Russian weather satellite deployed in geostationary orbit

A Proton rocket climbs away from the Baikonur Cosmodrome in Kazakhstan on Feb. 5 with the Electro Credit: Roscosmos

Russia launched a geostationary weather satellite Feb. 5 on a Proton rocket, heading for a position more than 22,000 miles over the Pacific Ocean to cover Russia’s Far East and the wider Asia-Pacific region.

The Elektro-L 4 weather satellite lifted off from the Baikonur Cosmodrome in Kazakhstan at 4:12:52 a.m. EST (0912:52 GMT; 2:12 p.m. Baikonur time), riding a Proton booster into a foggy sky over the snow-covered spaceport in Central Asia.

The Proton rocket, built by the Russian contractor Khrunichev, fired its six hydrazine-fueled RD-276 main engines to climb off the launch pad at Baikonur with 2.5 million pounds of thrust. Heading northeast, the Proton shut off its first stage engines two minutes into the flight, then shed the booster stage to fall back to the ground.

Engine firings by the Proton rocket’s second and third stages continued powering the mission into space, then a Block DM upper stage, made by Energia, took over for three burns over the course of more than six hours to send the Elektro-L 4 weather satellite into a circular geostationary orbit some 22,000 miles (nearly 36,000 kilometers) above Earth at an inclination of 0.6 degrees to the equator.

The Block DM upper stage deployed the Elektro-L 4 weather satellite into an on-target orbit, according to Roscosmos, Russia’s space agency. U.S. military tracking data indicated the satellite was flying in the expected orbit, confirming a successful launch.

Designed for a 10-year lifetime and built by the Russian aerospace contractor NPO Lavochkin, the Elektro-L 4 satellite follows three previous Elektro-L weather observatories launched in 2011, 2015, and 2019. The first of the Elektro-L weather satellites failed halfway through its 10-year mission in 2016.

The new satellite was expected to unfurl its power-generating solar panels and fine-tune its orbit over the equator, where its speed will match the rate of Earth’s rotation, giving the new weather sentinel a constant view of Russia’s Far East, the Asia-Pacific region, and much of the Pacific Ocean.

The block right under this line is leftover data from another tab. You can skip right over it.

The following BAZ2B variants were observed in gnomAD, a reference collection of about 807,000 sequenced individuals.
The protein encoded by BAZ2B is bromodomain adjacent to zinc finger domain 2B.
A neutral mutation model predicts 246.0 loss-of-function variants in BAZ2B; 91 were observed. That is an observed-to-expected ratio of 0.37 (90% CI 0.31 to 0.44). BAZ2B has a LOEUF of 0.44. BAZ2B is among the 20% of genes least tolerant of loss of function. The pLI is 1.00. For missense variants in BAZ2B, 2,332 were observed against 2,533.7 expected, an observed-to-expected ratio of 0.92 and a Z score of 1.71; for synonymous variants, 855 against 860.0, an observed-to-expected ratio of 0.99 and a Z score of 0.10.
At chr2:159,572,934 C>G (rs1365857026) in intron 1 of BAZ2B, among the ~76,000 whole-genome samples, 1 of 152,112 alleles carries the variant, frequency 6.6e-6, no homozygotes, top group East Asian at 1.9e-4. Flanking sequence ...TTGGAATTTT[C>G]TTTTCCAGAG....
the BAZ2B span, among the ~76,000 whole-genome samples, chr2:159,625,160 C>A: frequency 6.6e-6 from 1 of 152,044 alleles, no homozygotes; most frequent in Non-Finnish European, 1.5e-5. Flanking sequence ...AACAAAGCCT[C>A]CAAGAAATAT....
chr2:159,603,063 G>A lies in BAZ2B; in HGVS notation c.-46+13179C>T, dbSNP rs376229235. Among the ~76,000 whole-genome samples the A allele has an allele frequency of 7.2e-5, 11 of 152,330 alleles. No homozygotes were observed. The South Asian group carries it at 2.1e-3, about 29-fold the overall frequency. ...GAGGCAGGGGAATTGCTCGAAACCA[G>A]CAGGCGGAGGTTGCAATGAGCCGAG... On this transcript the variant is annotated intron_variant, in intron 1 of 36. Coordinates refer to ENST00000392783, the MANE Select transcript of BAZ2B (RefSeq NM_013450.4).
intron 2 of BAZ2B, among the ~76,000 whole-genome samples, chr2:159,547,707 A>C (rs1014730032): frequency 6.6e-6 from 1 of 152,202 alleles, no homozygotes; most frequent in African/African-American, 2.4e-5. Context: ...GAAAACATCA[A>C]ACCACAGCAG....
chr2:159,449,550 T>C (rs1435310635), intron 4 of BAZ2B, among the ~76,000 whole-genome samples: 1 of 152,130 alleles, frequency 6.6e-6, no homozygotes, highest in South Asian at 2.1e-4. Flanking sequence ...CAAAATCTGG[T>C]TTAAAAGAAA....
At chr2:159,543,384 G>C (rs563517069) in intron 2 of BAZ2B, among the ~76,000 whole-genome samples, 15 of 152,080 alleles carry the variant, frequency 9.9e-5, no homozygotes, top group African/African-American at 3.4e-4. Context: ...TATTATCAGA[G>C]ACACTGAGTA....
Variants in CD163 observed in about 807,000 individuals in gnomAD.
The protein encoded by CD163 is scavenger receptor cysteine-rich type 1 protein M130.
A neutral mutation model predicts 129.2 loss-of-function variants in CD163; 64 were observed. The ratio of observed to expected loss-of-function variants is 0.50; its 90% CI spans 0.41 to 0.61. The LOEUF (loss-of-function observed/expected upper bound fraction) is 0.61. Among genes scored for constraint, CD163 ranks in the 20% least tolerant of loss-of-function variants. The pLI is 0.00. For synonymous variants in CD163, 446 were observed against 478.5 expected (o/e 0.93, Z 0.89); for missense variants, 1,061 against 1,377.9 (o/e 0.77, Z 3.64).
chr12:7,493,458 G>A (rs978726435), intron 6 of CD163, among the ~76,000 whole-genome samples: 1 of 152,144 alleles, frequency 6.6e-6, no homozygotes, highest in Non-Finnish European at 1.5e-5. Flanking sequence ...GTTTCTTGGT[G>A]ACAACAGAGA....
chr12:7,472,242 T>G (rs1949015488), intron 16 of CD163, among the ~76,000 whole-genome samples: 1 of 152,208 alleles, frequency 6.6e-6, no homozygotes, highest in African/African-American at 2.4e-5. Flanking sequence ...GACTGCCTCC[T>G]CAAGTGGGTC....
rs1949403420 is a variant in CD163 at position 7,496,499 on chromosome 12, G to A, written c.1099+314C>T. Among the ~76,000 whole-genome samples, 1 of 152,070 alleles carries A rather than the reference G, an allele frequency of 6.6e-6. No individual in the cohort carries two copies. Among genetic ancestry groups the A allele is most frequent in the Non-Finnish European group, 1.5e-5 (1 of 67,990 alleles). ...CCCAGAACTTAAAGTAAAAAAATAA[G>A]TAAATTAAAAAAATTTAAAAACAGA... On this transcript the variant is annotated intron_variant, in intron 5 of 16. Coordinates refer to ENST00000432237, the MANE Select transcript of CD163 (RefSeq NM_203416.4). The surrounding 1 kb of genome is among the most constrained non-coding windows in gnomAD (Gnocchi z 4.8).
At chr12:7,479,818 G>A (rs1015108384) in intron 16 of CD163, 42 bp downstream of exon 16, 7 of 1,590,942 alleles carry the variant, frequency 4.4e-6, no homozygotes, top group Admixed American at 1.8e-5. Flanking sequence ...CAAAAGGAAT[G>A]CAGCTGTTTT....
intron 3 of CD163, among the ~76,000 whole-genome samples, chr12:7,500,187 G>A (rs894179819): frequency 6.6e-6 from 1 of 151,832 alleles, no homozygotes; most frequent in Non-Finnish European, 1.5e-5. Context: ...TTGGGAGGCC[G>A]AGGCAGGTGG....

The Elektro-L 4’s planned observation post will be over the equator at 165.8 degrees east longitude.

The first two Elektro-L satellites launched from Kazakhstan on Ukrainian-made Zenit rockets. But officials switched the launch of the Elektro-L 3 spacecraft to a Russian-built Proton rocket due to rising tensions between Russia and Ukraine in the wake of Russia’s annexation of Crimea in 2014. The fourth Elektro-L satellite also launched on a Russian Proton rocket.

Artist’s illustration of an Elektro-L weather satellite in orbit. Credit: Roscosmos

The Elektro-L satellites provide weather data to the Russian Federal Service for Hydrometeorology and Environmental Monitoring, or Roshydromet, Russia’s weather agency.

Like its three predecessors, the Elektro-L 4 satellite will capture images of storm systems and clouds across its coverage zone. The spacecraft will also measure sea states and ocean temperatures, track changes in snow cover, and collect high-altitude atmospheric data to help forecast conditions for air travel.

Roscosmos said the Elektro-L satellites can capture images of storms and clouds with a frequency of 10 to 30 minutes, including tropical regions where typhoons and hurricanes form. The satellite also carries instruments to monitor space weather and a search-and-rescue communications payload, according to information published by Roscosmos.

The launch Feb. 5 was the first by a Russian rocket this year, and the 428th flight of a Proton rocket since 1965. Russia plans to phase out the Proton rocket in the next few years.

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